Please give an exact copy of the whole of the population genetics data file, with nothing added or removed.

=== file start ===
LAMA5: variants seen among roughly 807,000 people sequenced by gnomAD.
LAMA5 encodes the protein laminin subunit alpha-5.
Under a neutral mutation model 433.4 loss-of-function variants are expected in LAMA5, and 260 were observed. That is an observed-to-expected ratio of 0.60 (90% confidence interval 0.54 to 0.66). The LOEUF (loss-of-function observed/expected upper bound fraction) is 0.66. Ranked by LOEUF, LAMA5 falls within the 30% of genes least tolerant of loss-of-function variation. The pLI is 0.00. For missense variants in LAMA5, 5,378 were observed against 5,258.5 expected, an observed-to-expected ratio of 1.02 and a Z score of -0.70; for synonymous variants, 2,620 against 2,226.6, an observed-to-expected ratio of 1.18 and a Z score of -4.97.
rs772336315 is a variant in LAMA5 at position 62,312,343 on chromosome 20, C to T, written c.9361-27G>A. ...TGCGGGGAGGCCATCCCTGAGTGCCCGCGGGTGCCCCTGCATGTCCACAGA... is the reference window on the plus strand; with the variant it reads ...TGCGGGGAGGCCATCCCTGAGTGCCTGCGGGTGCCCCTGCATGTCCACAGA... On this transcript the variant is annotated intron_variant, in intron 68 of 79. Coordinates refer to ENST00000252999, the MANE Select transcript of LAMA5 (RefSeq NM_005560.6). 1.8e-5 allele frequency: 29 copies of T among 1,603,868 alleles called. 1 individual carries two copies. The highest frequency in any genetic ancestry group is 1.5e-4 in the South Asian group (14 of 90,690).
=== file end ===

LAMA5: variants seen among roughly 807,000 people sequenced by gnomAD.
LAMA5 encodes the protein laminin subunit alpha-5.
Under a neutral mutation model 433.4 loss-of-function variants are expected in LAMA5, and 260 were observed. That is an observed-to-expected ratio of 0.60 (90% confidence interval 0.54 to 0.66). The LOEUF (loss-of-function observed/expected upper bound fraction) is 0.66. Ranked by LOEUF, LAMA5 falls within the 30% of genes least tolerant of loss-of-function variation. The pLI is 0.00. For missense variants in LAMA5, 5,378 were observed against 5,258.5 expected, an observed-to-expected ratio of 1.02 and a Z score of -0.70; for synonymous variants, 2,620 against 2,226.6, an observed-to-expected ratio of 1.18 and a Z score of -4.97.
rs772336315 is a variant in LAMA5 at position 62,312,343 on chromosome 20, C to T, written c.9361-27G>A. ...TGCGGGGAGGCCATCCCTGAGTGCCCGCGGGTGCCCCTGCATGTCCACAGA... is the reference window on the plus strand; with the variant it reads ...TGCGGGGAGGCCATCCCTGAGTGCCTGCGGGTGCCCCTGCATGTCCACAGA... On this transcript the variant is annotated intron_variant, in intron 68 of 79. Coordinates refer to ENST00000252999, the MANE Select transcript of LAMA5 (RefSeq NM_005560.6). 1.8e-5 allele frequency: 29 copies of T among 1,603,868 alleles called. 1 individual carries two copies. The highest frequency in any genetic ancestry group is 1.5e-4 in the South Asian group (14 of 90,690).